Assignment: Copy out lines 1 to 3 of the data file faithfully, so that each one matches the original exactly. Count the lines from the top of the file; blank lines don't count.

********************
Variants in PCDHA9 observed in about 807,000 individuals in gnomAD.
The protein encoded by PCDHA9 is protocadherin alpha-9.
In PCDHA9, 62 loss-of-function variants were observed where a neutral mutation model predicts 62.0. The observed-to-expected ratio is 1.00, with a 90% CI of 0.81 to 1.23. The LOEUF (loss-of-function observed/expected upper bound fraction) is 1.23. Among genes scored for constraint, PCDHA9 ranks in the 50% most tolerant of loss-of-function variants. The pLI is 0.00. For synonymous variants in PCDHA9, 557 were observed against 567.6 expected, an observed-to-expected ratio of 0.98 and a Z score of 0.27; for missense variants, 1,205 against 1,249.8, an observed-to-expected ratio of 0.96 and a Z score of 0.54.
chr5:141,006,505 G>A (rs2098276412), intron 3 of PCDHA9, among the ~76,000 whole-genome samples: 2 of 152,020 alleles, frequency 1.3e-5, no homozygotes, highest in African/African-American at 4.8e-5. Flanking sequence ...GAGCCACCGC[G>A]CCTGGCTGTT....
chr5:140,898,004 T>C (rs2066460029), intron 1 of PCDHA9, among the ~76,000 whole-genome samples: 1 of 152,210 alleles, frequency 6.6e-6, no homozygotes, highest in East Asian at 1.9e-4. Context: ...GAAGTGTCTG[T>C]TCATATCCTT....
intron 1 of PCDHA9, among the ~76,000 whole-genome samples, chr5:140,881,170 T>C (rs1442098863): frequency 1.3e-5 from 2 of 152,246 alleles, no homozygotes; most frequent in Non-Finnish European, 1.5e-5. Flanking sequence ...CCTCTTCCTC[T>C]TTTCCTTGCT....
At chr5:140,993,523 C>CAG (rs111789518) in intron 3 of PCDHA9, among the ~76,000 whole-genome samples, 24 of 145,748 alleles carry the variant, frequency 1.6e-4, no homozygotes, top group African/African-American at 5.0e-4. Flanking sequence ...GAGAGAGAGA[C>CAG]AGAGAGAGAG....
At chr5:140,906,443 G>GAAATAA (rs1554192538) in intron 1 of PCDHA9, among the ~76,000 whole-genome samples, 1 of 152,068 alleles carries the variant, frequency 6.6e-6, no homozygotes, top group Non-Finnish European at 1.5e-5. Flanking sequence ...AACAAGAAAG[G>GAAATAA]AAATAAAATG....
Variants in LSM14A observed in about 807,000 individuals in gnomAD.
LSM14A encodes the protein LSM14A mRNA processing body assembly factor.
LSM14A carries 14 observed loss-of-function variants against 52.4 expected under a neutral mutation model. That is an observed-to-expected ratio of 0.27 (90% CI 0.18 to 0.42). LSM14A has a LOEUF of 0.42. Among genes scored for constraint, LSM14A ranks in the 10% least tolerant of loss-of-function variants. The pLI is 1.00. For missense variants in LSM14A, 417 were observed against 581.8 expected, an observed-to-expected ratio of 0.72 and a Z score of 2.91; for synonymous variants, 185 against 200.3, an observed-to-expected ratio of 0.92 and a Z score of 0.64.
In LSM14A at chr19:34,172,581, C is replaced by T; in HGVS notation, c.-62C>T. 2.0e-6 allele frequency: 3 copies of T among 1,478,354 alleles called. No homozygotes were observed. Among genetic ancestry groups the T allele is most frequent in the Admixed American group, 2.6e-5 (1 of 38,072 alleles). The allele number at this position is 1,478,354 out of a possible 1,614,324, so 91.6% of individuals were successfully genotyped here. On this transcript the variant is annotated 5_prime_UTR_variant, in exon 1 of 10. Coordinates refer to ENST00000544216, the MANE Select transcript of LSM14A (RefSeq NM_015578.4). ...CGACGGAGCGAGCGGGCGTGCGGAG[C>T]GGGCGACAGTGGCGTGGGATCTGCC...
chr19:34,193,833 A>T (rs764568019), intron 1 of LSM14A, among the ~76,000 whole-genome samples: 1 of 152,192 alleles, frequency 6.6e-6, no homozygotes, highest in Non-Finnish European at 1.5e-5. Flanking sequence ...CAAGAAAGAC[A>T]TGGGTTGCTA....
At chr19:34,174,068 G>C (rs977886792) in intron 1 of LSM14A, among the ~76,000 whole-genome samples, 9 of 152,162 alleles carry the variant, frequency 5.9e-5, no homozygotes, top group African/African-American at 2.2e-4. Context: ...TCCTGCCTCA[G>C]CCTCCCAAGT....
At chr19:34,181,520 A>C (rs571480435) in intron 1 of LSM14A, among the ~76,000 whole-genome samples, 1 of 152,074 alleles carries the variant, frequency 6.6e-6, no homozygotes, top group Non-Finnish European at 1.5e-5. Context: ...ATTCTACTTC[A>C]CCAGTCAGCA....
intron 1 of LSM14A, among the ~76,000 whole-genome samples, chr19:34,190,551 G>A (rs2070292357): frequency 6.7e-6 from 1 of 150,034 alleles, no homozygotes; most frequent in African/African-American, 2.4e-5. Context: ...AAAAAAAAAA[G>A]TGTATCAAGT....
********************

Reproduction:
Variants in PCDHA9 observed in about 807,000 individuals in gnomAD.
The protein encoded by PCDHA9 is protocadherin alpha-9.
In PCDHA9, 62 loss-of-function variants were observed where a neutral mutation model predicts 62.0. The observed-to-expected ratio is 1.00, with a 90% CI of 0.81 to 1.23. The LOEUF (loss-of-function observed/expected upper bound fraction) is 1.23. Among genes scored for constraint, PCDHA9 ranks in the 50% most tolerant of loss-of-function variants. The pLI is 0.00. For synonymous variants in PCDHA9, 557 were observed against 567.6 expected, an observed-to-expected ratio of 0.98 and a Z score of 0.27; for missense variants, 1,205 against 1,249.8, an observed-to-expected ratio of 0.96 and a Z score of 0.54.